Ravi’s substitution for sides of a triangle

Theorem : Let a,b,c be three real numbers. Then they are the sides of a triangle if and only if there are positive real numbers x,y,z such that \boxed{\boxed{a=x+y}, \boxed{b=y+z}, \boxed{c=z+x}}.

For the first direction : If x,y,z are positive real numbers then clearly x,+y, y+z, z+x form side lengths of a triangle.

For the other direction : If a,b,c form side lengths of a triangle then we put \boxed{x = \frac{a+c-b}{2}}, \boxed{y= \frac{a+b-c}{2}}, \boxed{z= \frac{b+c-a}{2}}. Then easily we see that, x>0,y>0,z>0 and \boxed{ \boxed{a=x+y}, \boxed{b=y+z}, \boxed{c=z+x}}.

This completes the proof of the theorem \blacksquare.

 

Another way of proving (this is more natural and beautiful) the latter part is as follows: Let \triangle ABC have side lengths a,b,c. Now consider the incircle (a.k.a. the inscribed circle) of  \triangle ABC. Let P,Q,R be the points on the sides of \triangle ABC where the incircle touches the sides of the triangle. Then using the fact that tangents drawn from an external point to a circle are equal in length gives the desired result.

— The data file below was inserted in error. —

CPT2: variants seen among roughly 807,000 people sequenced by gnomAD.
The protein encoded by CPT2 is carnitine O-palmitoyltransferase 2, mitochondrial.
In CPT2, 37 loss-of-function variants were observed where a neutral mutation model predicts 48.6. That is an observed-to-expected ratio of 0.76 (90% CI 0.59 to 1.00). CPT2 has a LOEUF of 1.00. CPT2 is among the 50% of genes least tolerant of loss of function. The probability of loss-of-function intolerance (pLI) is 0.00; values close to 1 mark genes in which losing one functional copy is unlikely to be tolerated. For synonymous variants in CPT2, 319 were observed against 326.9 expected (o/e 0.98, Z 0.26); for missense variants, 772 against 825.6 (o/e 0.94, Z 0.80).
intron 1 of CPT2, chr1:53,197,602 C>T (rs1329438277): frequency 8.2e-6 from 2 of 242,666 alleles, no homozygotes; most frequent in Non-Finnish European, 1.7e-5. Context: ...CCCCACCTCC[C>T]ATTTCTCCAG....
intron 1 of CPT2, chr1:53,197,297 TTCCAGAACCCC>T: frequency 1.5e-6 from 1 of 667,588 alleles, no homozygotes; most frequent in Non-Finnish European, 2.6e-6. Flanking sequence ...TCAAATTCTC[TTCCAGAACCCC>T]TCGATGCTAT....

This simple theorem can be used to solve many problems (especially from mathematical inequalities and geometry). 

For example you can try to use it to solve the following problem :

If a,b,c are side lengths of a triangle then show that \frac{1}{a+b}, \frac{1}{b+c}, \frac{1}{c+a} must also be side lengths of a triangle.

 

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Willy's Lemma

Lemma : If a,b,x,y be four acute angles such that a+b=x+y and \frac{ \sin (a) }{ \sin (b) } = \frac{ \sin (x) }{ \sin (y) } then a=x and b=y.

It can be proved using simple trigonometric argument using the equation that : \boxed{ 2 \sin (k) \sin (t) = \cos (k-t) - \cos (k+t) }, and then desired result follows from the injectivity of the cosine function on (0, \pi )

There is another synthetic proof using simple geometry which I find quite interesting (I came to know about it from my friend Carlos). I present it here.

Consider an isosceles triangle ABC such that \angle BAC=a+b=x+y and AB=AC

Consider a point D on BC such that \angle BAD= \angle a and \angle CAD= \angle b

Consider a point E on BC such that \angle BAE= \angle x and \angle CAE= \angle y

Apply the general angle bisector theorem, and by the given conditions, we get:

\frac{AD}{BD} = \frac{AE}{CE}

\Longrightarrow E \equiv D
\Longrightarrow \angle a= \angle x and \angle b= \angle y

This completes the proof.